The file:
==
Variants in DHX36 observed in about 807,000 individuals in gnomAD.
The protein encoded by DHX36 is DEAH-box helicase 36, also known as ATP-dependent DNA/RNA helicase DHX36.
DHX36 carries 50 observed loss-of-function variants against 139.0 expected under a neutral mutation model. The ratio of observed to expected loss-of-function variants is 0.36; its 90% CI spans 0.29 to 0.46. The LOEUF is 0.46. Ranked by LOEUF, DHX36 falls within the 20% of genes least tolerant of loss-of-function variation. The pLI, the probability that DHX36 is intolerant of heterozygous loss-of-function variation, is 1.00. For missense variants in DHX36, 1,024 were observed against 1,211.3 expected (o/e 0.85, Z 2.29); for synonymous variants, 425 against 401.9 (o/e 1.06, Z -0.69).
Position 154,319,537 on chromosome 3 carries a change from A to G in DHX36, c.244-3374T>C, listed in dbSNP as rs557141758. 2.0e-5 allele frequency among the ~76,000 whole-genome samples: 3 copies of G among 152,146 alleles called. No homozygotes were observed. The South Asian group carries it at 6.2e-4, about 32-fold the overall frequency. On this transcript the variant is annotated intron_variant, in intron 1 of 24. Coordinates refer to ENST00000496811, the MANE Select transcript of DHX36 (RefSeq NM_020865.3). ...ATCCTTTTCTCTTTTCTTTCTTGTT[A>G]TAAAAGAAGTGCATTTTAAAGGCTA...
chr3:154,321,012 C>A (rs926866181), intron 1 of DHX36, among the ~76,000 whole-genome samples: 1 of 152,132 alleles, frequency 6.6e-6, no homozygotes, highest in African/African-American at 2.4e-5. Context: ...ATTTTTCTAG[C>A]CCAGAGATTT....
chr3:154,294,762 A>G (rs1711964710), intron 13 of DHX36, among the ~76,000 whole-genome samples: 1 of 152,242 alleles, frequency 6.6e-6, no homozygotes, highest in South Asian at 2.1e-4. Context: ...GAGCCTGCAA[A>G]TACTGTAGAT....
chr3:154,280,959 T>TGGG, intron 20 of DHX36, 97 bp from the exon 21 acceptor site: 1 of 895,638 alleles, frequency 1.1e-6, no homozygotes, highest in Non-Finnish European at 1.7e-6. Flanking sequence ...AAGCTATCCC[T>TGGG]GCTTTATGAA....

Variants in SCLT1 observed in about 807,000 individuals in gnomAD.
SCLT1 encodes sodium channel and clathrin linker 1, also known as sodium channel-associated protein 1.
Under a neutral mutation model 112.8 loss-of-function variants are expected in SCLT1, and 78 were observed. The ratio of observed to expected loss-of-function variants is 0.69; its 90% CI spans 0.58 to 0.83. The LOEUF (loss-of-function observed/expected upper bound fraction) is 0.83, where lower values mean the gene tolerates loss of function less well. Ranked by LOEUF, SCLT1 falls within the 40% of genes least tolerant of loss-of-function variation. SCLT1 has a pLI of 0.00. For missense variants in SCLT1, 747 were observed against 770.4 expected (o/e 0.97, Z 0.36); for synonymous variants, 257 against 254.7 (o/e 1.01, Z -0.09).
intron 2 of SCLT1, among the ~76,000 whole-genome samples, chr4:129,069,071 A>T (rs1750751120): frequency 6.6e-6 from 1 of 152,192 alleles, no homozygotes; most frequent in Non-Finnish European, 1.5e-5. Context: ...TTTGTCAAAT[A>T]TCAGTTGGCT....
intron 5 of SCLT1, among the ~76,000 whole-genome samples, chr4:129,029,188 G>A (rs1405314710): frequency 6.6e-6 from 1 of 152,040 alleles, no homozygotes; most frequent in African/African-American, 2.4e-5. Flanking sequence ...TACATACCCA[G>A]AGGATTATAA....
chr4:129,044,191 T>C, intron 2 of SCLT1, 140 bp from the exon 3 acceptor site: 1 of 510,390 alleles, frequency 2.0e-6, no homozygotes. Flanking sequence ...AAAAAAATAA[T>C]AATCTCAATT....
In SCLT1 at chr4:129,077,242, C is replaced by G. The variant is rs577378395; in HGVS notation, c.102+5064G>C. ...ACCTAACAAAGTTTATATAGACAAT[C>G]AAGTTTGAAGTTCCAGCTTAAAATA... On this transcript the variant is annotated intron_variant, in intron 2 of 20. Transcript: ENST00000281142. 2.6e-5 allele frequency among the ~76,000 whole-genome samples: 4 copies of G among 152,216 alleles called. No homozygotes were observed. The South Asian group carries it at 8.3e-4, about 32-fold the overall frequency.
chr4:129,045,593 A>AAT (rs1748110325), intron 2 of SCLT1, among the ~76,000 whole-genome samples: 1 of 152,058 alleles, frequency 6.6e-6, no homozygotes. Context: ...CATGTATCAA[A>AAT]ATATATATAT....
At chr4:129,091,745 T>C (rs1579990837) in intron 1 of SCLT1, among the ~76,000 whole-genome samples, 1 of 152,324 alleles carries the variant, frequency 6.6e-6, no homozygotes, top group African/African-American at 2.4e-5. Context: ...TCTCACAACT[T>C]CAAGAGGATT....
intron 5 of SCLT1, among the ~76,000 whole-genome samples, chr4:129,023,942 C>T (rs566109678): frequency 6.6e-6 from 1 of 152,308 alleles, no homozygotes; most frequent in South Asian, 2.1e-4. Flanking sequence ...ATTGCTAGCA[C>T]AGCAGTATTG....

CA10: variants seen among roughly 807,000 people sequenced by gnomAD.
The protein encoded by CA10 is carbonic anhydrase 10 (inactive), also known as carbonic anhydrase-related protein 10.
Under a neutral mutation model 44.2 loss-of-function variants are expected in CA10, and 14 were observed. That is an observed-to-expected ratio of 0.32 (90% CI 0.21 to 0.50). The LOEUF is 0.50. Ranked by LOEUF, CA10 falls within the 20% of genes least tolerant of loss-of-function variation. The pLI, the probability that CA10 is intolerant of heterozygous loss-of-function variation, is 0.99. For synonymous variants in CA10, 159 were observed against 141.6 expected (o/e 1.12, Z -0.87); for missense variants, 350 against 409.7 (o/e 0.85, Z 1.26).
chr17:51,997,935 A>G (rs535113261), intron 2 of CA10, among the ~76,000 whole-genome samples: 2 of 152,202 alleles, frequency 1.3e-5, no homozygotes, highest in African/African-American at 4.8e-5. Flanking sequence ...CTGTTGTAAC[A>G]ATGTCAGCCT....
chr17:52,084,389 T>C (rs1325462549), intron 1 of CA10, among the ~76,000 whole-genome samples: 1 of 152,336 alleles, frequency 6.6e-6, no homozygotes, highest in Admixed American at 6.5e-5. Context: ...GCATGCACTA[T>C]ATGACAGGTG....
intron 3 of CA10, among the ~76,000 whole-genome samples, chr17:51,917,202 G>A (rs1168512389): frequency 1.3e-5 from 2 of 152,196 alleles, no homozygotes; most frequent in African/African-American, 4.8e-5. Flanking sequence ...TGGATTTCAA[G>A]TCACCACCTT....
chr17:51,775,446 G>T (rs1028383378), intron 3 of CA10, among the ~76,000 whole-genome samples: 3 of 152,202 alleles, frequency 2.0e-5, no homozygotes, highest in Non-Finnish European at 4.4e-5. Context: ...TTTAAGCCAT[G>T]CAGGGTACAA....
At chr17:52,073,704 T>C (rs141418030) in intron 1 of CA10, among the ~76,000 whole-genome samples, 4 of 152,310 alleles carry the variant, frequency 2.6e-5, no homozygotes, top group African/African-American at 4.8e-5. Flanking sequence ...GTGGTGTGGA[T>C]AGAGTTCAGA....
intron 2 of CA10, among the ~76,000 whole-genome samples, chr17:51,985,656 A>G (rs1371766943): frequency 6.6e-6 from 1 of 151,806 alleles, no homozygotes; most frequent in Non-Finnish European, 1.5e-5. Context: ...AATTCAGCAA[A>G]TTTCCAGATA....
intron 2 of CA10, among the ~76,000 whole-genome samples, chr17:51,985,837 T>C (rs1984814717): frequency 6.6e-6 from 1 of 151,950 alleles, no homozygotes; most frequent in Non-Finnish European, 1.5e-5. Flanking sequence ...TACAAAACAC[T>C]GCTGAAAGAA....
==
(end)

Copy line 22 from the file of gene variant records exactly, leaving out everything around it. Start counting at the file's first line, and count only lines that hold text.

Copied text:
chr17:52,084,389 T>C (rs1325462549), intron 1 of CA10, among the ~76,000 whole-genome samples: 1 of 152,336 alleles, frequency 6.6e-6, no homozygotes, highest in Admixed American at 6.5e-5. Context: ...GCATGCACTA[T>C]ATGACAGGTG....